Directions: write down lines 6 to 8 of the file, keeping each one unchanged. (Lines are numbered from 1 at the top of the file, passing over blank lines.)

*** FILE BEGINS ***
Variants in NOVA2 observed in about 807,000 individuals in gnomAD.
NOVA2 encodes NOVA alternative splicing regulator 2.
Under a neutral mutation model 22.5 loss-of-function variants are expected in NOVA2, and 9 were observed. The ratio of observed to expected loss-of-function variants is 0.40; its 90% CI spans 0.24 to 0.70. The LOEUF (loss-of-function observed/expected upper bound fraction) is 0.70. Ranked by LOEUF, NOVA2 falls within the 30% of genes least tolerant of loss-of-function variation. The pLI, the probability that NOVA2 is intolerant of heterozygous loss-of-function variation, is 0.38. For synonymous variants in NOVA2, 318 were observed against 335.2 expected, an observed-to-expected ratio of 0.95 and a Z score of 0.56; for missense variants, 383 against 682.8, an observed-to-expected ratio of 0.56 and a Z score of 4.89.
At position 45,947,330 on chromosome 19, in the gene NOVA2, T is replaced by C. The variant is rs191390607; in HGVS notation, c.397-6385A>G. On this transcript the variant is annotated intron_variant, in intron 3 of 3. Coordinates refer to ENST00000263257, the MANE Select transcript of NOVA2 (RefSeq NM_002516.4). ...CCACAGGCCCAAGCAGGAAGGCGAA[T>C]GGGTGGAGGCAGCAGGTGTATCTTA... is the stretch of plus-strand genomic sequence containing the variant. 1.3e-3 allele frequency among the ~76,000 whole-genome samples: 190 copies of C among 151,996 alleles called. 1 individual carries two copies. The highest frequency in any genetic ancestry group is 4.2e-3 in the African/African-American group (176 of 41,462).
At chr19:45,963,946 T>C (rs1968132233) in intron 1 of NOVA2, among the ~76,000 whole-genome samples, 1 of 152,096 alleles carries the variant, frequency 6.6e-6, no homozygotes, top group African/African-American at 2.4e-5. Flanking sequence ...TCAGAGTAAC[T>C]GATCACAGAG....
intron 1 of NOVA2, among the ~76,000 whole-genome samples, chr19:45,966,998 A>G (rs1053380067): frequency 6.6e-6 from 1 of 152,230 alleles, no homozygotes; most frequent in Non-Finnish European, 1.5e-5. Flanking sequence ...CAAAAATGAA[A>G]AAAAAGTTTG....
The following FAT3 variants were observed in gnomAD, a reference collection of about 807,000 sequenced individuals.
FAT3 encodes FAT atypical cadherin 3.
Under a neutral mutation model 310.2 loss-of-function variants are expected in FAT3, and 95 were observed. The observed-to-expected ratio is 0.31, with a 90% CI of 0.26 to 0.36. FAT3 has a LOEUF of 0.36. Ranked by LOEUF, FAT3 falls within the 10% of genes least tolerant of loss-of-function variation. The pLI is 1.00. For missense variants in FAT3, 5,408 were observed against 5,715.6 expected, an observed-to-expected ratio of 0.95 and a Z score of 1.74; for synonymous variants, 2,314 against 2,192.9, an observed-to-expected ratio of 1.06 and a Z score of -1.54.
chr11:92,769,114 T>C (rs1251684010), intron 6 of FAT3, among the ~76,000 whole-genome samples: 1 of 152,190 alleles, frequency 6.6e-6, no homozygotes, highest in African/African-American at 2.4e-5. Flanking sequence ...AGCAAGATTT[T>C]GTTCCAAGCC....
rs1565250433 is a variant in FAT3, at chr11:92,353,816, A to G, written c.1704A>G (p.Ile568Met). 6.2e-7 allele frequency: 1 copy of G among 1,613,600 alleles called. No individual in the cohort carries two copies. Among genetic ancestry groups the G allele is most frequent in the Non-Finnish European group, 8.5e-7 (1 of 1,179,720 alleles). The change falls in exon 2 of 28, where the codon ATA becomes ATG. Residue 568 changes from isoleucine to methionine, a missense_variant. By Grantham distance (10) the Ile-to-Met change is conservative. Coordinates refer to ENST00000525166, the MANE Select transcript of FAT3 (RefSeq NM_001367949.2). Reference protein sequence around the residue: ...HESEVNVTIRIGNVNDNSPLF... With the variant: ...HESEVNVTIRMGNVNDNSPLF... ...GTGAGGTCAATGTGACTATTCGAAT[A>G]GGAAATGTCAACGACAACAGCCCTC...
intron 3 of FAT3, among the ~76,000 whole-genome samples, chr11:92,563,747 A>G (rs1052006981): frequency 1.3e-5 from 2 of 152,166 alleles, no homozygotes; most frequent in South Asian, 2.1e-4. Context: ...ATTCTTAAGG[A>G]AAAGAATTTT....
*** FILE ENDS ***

intron 1 of NOVA2, among the ~76,000 whole-genome samples, chr19:45,966,998 A>G (rs1053380067): frequency 6.6e-6 from 1 of 152,230 alleles, no homozygotes; most frequent in Non-Finnish European, 1.5e-5. Flanking sequence ...CAAAAATGAA[A>G]AAAAAGTTTG....
The following FAT3 variants were observed in gnomAD, a reference collection of about 807,000 sequenced individuals.
FAT3 encodes FAT atypical cadherin 3.